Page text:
Love, Pain & the Whole Crazy Thing was released on November 7, 2006, just days after Keith Urban voluntarily entered an alcohol treatment center. Having married actress Nicole Kidman just months before, his timing couldn't be better. After all, Urban is trying to get well at the very peak of his life thus far, both personally and professionally, and an album this enjoyable needs a healthy person to support it. Love, Pain & the Whole Crazy Thing is slicker than anything Urban has issued before, but it's also more ambitious, representing a giant leap forward from 2004's Be Here. Urban is a rocking guitarist, a complete wildman on the electric six-string, and he combines his tough, unhinged approach to the instrument with pop melodies and utterly brilliant production elements that layer strings, drum loops, fiddles, banjos, E-Bows, and Hammond B-3s. Add a songwriting style that touches on the classic elements of rock, country, and mainstream pop, and you have something that hasn't been heard in the country genre in such a cohesive way before. That's right -- the album is further proof of Urban's ability to stretch the genre to the breaking point by bringing in more of modern pop's elements, while remaining firmly within Nashville's good graces.
Song by song, this albums feels as if there isn't anything he can't do. Sharing production credit with Dan Huff, Urban wrote (or, in some cases, co-wrote) ten of the album's 13 cuts -- there's a hidden track buried in the CD-ROM portion of the disc. The production is thoroughly modern, but also feels like the country equivalent of George Martin. It's positively baroque in places, and there is so much packed in that it almost feels claustrophobic, even though he makes it work beautifully. No record since Neil Diamond's brilliant Beautiful Noise -- produced by the Band's Robbie Robertson -- has sounded so regal and inviting. The album's first single, "Once in a Lifetime," opens the set; it entered the Billboard chart at number 17, the highest debuting single since the chart's inception. But the shock is simply that it's not the best track on the record. Urban has packed this disc with fine writing and excellent, even defining versions of the songs he chose to cover. There are a number of rockers, including "Faster Car," with its smoking, funky bassline, layered power chords, and his "ganjo" that rings above the horn section, and "I Told You So," which uses acoustic guitars, fiddles, and the ganjo to usher in some twisting, minor-key electrics. Both songs are based on tight little hooks, and both build to the breaking point while allowing Urban's voice to soar above the instruments. On the latter tune, Uilleann pipes and bouzouki are layered into the mix in a melody that brings to bear Celtic cowboy lyric frames and tribal rhythms. The whole thing explodes near the end, when Urban cuts loose in a serious, distortion-laden guitar wrangle.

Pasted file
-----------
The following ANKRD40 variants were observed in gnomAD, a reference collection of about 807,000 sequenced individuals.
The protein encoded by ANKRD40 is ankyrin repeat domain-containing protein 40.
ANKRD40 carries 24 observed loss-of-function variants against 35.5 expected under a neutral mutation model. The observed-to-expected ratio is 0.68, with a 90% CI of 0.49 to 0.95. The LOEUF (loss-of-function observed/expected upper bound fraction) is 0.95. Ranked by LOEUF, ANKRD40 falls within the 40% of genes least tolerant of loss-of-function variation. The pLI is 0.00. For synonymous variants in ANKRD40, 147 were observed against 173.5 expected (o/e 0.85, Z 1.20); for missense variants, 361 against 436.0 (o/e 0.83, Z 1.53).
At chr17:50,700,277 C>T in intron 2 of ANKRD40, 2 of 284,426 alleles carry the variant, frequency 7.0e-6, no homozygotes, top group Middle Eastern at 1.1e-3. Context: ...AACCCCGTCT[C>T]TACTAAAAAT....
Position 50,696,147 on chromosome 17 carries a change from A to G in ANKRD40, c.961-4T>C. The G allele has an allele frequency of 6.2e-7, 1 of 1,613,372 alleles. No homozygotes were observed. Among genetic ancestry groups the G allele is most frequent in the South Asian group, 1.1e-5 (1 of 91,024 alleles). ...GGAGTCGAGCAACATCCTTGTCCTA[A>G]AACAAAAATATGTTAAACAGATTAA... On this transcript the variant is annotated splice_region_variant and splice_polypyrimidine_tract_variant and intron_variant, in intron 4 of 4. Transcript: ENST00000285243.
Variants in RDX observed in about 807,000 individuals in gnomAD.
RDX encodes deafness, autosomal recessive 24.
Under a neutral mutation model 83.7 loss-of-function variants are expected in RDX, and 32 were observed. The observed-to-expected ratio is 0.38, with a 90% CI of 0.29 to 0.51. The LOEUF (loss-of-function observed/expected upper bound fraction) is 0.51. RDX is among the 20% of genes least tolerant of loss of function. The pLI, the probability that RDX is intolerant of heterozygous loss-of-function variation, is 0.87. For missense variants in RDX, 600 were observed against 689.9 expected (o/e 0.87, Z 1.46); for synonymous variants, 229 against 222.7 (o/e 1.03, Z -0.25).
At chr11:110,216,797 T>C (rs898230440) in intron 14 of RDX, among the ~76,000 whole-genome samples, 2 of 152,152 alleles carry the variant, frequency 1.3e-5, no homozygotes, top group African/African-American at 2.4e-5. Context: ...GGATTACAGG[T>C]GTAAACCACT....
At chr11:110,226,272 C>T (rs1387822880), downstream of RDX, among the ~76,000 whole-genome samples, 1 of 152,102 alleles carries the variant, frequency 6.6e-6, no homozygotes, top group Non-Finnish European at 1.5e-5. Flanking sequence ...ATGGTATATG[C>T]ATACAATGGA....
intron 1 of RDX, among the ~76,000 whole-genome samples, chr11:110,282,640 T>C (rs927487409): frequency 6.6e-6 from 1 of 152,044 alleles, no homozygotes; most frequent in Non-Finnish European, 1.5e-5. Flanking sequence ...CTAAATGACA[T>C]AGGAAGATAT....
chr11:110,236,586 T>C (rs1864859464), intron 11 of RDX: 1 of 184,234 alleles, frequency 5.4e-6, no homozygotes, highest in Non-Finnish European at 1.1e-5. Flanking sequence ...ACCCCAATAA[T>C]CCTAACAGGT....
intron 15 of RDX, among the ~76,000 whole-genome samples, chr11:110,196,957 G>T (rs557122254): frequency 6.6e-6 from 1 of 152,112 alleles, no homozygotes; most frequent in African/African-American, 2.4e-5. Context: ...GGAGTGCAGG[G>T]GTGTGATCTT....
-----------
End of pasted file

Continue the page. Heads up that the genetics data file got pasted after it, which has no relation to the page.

"Shine," which begins as a shimmering country-pop tune, is another example, as a string section and his unhinged soloing battle for dominance in the nearly unbearable climax. "I Can't Stop Loving You," written by Billy Nichols, is another climatic tune, but it becomes one of the great modern country love songs with its incessant reaching to its crescendo, which is provided by an army of strings and big power chords. "Used to the Pain," written with Darrell Brown, is a stealthy rocking love song that drips with emotion. The down-home anthem "Raise the Barn," a duet with Ronnie Dunn, was written in reaction to the destruction done by Hurricane Katrina. Urban can also write a shuffling country-rocker with the best of them. Urban didn't pen "God Made Woman," but his version makes the track his own. Beginning with a choir (somewhat smaller and yet reminiscent of the Rolling Stones on "You Can't Always Get What You Want"), the cut quickly becomes a loud and proud country-rock anthem that celebrates -- not objectifies -- women. "Tu Compañía" is a way funky country two-step love song driven by the ganjo. Yeah. Funky. The album's final cut, "Got It Right This Time," sounds like a homemade demo by the rest of the album's standards, with Urban handling drum machine and keyboard chores while singing. That said, it's far from substandard and certainly belongs here, as it showcases Urban's voice in all its unadorned grandeur and reveals the influence of soul music on his singing.
Those who wish to decry Urban as some kind of slick, formulaic songwriter and flavor of the country music moment are missing the point. The man writes honest, beautifully crafted songs that are adult enough to ponder, tough enough to rock, and tender enough to pull -- not tug -- on the heartstrings. As previously stated, there's no better time to get well than when you're at the top of your game. While Urban's previous records have all had their moments -- and Be Here was his true arrival -- Love, Pain & the Whole Crazy Thing is his mature pop masterpiece. For all its wonder and expertise, it feels like it's just a taste of what he'll be offering in the future.